Things for me to remember in 2014.

A short compendium of shit I seem to have difficulty holding in mind:

  • The rigorous standards of fact-checking in published books are basically nil. People can print any old garbage, and people can quote any old garbage, and if you’ve learned anything from Twitter it’s that no one checks sources.
  • A lot of the social points people make with unwavering conviction are propped up by nothing but that conviction, and can be safely ignored, even when the person making the point is screaming about how not listening to them and taking their side above all others means you will be rejected from the kingdom of Heaven.
  • There is not actually anything stopping you from spending your money on, for example, educational courses or nice dinners, instead of the things you think you should spend it on in order to be the kind of person whose bank statements your friends, family, or MP would approve of.
  • You don’t have to agree with someone to like them, and you don’t have to like someone to agree with them. Also, people are complicated patchworks of nuance and difference, and a person can be Very Right about one thing and Distressingly Wrong about something else (see Richard Dawkins: a phenomenal popular science educator who made understanding genetics easy for you, but who made calling yourself an atheist an exercise in explaining that you’re not also a demented Twitter bigot; the topography of an individual’s intellect and social worth is not a flat sheet).
  • It is a lot easier to do a thing you enjoy doing than a thing you hate doing, and if the thing you hate doing isn’t actually necessary there is no point in forcing yourself to do it in the expectation of headpats which are quite frankly not likely to be forthcoming.
  • Don’t waste what remains of your energy on trying to win over people who are predisposed to despise you due to their own bloody issues.
  • Your sanity is not worth the dubious pay-off of being branded acceptable by people who live at a different pace and speed to you.
  • When there are over 800 books in your flat, and a further 900 on your Kindle, and you have not read more than 65% of them there is actually no need for you to lurk around the internet trying to find a worthwhile Cracked article to disagree with.
  • While the NHS is still there it might be a good idea to actually use it rather than spending 6 months to a year in pain from various problems, convinced that “hypochondria” or “how dare you waste our time” is the inevitable response when in actual fact since moving away from the West Country where that was the standard response about TWELVE YEARS AGO, no London doctor or dentist has ever done anything other than take health problems seriously and scold you for not coming in sooner.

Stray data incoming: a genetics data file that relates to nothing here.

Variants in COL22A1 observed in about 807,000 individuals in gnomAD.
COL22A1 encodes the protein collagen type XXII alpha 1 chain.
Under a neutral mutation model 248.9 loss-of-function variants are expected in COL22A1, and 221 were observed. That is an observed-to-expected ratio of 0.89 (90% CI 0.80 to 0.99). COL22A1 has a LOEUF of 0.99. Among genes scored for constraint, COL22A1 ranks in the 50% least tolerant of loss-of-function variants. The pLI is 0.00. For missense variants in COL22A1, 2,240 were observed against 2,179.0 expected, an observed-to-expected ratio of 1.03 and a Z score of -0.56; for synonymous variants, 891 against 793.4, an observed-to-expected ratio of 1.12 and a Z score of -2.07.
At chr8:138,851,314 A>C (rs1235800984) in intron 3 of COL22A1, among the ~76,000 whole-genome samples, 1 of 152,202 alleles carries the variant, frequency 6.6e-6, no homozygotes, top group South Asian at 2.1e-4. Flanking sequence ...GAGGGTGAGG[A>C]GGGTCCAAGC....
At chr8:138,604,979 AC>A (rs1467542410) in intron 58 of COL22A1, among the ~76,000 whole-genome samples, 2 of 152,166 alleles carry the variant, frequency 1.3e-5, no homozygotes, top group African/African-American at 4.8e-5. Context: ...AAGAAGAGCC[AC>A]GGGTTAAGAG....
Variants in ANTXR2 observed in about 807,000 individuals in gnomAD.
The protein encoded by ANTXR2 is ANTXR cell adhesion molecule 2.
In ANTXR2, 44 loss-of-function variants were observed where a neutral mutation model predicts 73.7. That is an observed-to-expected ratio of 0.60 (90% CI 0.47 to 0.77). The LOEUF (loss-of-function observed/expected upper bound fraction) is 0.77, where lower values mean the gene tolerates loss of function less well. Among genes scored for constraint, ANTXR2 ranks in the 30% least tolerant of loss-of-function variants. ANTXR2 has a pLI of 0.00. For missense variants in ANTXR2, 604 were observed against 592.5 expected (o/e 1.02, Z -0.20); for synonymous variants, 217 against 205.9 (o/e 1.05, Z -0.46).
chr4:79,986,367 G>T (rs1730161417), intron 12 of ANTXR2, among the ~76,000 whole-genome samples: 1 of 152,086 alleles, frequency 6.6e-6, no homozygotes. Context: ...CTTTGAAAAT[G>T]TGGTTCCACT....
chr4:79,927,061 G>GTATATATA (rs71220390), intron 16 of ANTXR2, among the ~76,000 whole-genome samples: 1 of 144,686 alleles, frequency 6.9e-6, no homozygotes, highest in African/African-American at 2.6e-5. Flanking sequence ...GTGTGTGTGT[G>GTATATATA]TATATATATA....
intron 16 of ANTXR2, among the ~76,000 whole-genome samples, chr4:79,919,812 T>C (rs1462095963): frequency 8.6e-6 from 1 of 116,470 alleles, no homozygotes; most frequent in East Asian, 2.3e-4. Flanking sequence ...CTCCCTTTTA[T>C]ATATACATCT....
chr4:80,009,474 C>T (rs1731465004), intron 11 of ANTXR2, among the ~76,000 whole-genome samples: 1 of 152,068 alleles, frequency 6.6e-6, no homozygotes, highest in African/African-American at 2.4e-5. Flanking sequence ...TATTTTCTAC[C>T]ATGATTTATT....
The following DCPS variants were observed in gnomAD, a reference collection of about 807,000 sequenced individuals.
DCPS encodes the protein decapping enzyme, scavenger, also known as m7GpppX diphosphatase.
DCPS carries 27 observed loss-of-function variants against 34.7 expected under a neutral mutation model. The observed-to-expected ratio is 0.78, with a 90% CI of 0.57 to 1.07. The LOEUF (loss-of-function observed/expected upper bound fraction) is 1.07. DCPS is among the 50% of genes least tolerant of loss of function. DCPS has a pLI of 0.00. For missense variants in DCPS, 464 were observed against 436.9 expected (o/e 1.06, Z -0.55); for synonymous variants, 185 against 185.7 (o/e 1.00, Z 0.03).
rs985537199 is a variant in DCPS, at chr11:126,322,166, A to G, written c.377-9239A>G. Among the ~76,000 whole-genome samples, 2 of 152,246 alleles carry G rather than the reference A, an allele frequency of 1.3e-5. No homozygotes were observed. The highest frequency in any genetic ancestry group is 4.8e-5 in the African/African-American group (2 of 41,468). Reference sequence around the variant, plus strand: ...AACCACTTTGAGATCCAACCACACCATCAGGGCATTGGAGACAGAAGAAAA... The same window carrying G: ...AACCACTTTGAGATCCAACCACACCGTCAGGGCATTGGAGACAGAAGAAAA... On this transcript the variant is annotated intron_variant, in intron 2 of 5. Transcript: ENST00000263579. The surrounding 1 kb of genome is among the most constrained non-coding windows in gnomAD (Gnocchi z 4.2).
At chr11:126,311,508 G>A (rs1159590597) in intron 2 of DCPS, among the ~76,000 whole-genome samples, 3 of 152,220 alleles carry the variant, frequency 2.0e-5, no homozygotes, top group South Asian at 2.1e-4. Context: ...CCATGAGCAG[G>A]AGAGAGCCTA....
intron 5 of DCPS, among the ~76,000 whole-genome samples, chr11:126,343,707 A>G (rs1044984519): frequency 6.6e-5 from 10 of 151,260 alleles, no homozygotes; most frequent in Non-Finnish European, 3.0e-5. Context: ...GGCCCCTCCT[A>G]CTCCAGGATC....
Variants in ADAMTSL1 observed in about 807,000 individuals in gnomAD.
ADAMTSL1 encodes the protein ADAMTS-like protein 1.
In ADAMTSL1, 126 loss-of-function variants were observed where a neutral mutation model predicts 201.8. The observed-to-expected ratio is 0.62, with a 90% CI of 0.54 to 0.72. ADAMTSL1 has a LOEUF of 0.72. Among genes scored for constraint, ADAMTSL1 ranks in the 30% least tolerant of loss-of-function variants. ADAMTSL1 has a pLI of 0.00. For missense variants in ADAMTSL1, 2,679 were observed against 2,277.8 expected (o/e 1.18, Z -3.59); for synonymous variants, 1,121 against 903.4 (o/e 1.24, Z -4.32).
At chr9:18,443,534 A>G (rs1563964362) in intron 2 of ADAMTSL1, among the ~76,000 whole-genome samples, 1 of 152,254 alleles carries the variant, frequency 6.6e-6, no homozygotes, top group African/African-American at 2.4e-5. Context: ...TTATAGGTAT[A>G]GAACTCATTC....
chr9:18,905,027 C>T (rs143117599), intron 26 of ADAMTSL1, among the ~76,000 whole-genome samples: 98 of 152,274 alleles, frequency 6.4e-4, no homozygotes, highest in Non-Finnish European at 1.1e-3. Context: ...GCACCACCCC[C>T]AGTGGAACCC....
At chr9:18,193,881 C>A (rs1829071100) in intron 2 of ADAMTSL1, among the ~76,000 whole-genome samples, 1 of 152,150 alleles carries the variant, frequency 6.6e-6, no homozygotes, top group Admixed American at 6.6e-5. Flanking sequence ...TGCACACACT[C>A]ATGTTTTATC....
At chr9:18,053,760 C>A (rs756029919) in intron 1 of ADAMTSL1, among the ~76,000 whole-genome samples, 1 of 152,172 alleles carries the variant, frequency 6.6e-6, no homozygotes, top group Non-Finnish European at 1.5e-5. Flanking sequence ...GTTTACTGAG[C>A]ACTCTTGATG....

• There is no reason not to make art. There is no reason not to learn things. You have the equipment and abilities, and you live in a city where free learning resources are so ubiquitous that it is frankly taking an effort of will on your part to remain ignorant.
  • Despite what social media may have led you to believe, you do not need to justify or excuse the things you enjoy. You do not need to explain them or defend them. The books aren’t illegal: the TV series aren’t prohibited; the films aren’t verboten. You don’t have to cut yourself off from things that give you pleasure just because you can’t win a fight about why you’re allowed to watch or read them. This is adulthood. No one is stopping you.
  • Keep remembering the chasm between op-ed pieces and the world you witness every time you go outside. And don’t fall into the trap of assuming that because one is written down, it’s more like the truth. There are a thousand truths and – as you told yourself at the beginning of this list – a lot of them aren’t fact-checked.
  • The problem with “the endless monolith of white male authors” is not that white men wrote, it is that a culture venerated their words above and beyond all others, and declared that anything which was not their writing was not worthwhile. The problem is not the author. The problem is the world they’re in and the people who read them: you can write what you want.
  • What you hear repeated is the contents of one echo chamber and not the views of the entire world; if you don’t like what you’re hearing, widen your circle of input until there’s a signal that suits your needs.
  • If you’re ever convinced that the people you love are indifferent to you, ask if they would do the same for a stranger as they do for you. Teaching tools: the way people respond to anonymous commenters vs the way they answer questions from you.
  • While despair may feel like an appropriate response to the vagrancies of the world, it’s not a productive one. Make things until you can’t feel sorry for yourself any more.
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